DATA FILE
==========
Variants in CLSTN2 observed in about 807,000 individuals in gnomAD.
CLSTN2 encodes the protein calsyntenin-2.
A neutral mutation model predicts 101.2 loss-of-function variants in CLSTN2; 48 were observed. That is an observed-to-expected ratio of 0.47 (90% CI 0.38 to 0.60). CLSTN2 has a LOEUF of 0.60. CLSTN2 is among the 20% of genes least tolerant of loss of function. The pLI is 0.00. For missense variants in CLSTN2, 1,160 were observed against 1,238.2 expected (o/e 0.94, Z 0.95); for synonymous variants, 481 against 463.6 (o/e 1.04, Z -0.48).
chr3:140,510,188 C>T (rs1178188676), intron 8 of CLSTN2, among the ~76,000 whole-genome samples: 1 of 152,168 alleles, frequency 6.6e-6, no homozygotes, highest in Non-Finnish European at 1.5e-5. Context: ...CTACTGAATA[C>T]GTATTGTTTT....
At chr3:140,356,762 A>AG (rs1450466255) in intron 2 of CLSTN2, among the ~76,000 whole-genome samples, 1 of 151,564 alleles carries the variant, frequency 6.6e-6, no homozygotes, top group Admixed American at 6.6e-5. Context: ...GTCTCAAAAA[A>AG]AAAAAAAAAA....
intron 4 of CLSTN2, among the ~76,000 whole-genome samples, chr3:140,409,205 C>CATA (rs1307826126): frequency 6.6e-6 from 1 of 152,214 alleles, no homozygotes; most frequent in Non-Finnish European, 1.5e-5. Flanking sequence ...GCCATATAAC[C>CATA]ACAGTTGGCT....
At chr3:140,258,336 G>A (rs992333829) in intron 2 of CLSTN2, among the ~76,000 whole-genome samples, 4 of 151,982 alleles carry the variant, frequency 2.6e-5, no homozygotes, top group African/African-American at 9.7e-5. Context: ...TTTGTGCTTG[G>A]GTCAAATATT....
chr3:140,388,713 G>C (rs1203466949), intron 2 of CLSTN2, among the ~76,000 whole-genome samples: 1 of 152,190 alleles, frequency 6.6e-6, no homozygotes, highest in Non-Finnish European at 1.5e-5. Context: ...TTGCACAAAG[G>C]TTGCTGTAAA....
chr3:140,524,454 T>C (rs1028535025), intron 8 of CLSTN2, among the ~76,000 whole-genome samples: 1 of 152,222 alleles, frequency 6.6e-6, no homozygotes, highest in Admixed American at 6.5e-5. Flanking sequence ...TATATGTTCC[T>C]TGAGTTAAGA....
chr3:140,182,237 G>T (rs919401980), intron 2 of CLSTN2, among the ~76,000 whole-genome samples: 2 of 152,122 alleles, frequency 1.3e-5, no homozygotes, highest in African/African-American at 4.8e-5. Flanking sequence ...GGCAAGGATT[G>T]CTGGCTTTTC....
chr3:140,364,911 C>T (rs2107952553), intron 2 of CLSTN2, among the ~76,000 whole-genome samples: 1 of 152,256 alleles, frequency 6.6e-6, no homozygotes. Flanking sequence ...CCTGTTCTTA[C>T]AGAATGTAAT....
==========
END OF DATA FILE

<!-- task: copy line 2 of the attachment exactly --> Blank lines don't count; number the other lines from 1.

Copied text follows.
CLSTN2 encodes the protein calsyntenin-2.